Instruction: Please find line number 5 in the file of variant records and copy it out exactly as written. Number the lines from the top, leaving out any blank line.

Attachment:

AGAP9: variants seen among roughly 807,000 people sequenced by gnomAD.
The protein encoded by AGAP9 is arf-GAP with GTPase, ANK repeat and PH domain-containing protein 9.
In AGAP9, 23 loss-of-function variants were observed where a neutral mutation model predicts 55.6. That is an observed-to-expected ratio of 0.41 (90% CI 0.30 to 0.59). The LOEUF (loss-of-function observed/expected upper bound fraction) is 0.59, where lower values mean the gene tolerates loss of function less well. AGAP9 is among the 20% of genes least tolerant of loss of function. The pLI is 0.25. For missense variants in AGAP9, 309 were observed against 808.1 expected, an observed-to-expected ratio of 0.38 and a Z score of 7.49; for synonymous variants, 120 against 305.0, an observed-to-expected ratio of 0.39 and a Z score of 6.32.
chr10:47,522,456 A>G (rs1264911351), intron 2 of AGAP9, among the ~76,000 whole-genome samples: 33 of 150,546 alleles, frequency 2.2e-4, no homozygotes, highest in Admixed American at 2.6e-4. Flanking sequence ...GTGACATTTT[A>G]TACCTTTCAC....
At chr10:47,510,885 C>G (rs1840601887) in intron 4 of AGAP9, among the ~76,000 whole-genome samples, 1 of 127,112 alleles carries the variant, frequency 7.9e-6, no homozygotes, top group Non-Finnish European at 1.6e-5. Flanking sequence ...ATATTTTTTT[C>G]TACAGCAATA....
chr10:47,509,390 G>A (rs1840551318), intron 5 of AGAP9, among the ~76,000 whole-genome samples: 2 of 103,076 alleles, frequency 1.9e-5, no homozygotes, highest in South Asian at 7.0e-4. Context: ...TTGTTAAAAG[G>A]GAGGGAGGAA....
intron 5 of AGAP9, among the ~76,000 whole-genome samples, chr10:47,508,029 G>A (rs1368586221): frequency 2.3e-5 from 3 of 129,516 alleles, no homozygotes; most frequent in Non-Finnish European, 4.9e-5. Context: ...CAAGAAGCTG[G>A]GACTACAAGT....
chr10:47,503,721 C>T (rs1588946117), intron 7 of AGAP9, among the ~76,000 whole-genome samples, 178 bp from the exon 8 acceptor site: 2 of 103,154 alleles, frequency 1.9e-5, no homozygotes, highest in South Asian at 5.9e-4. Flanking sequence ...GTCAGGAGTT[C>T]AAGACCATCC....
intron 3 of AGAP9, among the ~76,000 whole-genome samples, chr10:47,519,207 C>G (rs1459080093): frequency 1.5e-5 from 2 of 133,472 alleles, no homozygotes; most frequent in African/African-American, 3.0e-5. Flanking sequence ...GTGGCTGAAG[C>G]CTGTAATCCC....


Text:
At chr10:47,510,885 C>G (rs1840601887) in intron 4 of AGAP9, among the ~76,000 whole-genome samples, 1 of 127,112 alleles carries the variant, frequency 7.9e-6, no homozygotes, top group Non-Finnish European at 1.6e-5. Flanking sequence ...ATATTTTTTT[C>G]TACAGCAATA....